The doctor leaned over a small boy lying on a bed in a children's hospital in the northern Ukrainian city of Kharkiv and asked: "Little Vova, how are you?"

"I am fine," came the barely audible reply. "Fine," the doctor repeated loudly, satisfied by what he heard.

Medics said Vova was hit in the head by a bullet during fighting in the first few days of Russia's invasion of Ukraine, one of several children brought into the hospital to be treated for shrapnel and bullet wounds.

Kharkiv, which has close historical and social ties to Russia, has seen some of the heaviest fighting since the war began on Feb. 24.

Ukrainian regional police official Serhiy Bolvinov said on Tuesday that 170 civilians had been killed across Kharkiv region since the start of Russia's invasion, including five children.

Russia denies targeting civilians and says its forces are engaged in a "special military operation" in Ukraine to destroy its neighbour's military capabilities and remove what it regards as dangerous nationalists in Kyiv.

Ukraine and its allies call Russia's actions a brutal invasion that has killed hundreds of civilians. Apartment blocks in Kharkiv and elsewhere have been reduced to rubble, towns have been evacuated and some 2 million people have fled the country.

At the pediatric neurosurgery centre of the city's main accident and emergency hospital, eight-year-old Dima Kasyanov lay unconscious on an intravenous drip with a tube coming out of his mouth.

His father, Sergiy, showed Reuters an X-ray image on his mobile phone that he said was of a piece of shrapnel from an incoming shell that had lodged at the base of Dima's skull.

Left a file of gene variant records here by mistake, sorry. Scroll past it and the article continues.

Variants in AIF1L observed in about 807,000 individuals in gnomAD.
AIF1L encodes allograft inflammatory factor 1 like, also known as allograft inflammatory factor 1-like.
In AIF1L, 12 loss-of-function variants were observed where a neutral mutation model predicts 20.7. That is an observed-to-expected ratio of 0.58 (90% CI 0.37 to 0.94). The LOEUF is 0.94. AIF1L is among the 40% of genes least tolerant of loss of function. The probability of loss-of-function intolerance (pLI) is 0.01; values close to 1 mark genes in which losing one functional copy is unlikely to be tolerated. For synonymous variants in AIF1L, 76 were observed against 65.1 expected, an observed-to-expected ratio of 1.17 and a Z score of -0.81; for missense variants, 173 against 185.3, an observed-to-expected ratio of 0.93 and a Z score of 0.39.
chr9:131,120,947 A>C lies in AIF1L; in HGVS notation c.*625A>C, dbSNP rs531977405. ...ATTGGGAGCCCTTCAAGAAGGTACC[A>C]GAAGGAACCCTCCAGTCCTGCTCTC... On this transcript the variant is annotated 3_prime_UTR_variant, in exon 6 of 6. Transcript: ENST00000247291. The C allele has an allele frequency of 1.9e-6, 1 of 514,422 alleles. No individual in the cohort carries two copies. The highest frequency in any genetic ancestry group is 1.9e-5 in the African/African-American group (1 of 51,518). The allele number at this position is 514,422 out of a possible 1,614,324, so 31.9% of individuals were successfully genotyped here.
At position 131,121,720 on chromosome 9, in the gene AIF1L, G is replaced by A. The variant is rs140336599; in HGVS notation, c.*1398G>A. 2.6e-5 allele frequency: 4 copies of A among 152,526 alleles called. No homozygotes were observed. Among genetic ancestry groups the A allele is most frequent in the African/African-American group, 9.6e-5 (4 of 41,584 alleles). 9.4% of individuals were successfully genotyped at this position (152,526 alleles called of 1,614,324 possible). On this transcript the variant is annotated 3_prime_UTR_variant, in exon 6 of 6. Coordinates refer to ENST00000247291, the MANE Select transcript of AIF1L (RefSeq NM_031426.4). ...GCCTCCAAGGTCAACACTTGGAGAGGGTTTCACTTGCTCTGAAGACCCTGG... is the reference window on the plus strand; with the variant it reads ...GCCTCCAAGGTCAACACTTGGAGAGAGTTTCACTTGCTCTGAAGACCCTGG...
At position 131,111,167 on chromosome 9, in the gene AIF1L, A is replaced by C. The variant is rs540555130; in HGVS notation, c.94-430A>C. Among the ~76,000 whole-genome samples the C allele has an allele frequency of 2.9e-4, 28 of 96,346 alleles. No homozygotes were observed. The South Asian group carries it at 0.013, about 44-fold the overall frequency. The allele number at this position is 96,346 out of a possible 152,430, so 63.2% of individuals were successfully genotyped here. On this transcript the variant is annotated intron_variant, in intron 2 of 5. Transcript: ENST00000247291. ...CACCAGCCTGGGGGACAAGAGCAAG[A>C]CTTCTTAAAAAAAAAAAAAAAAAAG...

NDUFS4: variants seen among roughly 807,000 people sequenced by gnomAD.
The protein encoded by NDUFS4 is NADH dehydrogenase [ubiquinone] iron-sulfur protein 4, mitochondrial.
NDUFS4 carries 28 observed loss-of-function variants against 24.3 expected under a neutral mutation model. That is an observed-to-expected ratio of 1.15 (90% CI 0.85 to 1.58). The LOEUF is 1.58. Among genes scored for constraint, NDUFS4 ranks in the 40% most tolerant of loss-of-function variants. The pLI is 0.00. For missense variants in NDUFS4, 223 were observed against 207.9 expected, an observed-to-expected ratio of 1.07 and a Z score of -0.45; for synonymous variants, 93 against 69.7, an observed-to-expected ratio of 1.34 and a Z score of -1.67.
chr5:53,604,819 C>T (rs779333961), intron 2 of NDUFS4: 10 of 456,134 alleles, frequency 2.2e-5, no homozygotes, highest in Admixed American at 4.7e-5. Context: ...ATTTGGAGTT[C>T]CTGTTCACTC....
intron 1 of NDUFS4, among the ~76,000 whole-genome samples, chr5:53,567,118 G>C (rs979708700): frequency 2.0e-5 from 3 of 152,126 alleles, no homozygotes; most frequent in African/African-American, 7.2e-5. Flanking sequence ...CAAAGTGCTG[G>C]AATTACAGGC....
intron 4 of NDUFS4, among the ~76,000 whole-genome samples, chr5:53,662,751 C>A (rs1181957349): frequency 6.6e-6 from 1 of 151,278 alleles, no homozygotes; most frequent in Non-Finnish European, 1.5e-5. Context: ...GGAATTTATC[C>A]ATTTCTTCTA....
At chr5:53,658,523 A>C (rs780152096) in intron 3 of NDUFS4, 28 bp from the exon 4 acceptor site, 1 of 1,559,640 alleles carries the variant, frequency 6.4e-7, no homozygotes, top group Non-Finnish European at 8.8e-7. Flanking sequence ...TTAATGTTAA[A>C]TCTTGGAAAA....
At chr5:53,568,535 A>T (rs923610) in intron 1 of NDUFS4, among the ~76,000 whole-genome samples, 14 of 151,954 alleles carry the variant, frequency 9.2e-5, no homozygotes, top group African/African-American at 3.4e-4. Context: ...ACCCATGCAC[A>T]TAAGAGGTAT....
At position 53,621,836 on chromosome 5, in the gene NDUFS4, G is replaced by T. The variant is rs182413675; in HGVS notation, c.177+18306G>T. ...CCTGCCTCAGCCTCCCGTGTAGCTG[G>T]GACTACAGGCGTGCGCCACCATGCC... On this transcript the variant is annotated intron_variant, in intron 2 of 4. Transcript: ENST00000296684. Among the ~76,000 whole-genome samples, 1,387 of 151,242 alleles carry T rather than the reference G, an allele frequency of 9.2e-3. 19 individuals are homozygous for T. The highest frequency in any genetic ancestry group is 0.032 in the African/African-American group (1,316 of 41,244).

"The shrapnel entered through the jaw and lodged itself in the neck, at the top of the vertebral column. It was yesterday. He is eight," he told Reuters. The child's mother sobbed quietly next to him.

Sergiy Kasyanov said the shell struck the family's apartment and everyone ran for safety. He said his mother had also been wounded and was in intensive care with broken ribs and damage to her spine.

"But the child, he suffered the worst injury."

Oleksandr Dikhnovskiy, the doctor who heads the centre, said the unit had operated on four children with shrapnel or bullet wounds so far.

"Sadly one little girl died yesterday. She was admitted on the first night of the ... invasion of our country."

He said Dima's treatment would be complex.

"The surgery is very complicated from a technical point of view and we are now stabilising him to be able to conduct the surgery."

In the surgery theatre, a Reuters reporter heard the rumble of a distant explosion.

"This is how we work every day, conducting surgery under bombardment," said one of the nurses.

(Writing by Mike Collett-White; Editing by Cynthia Osterman)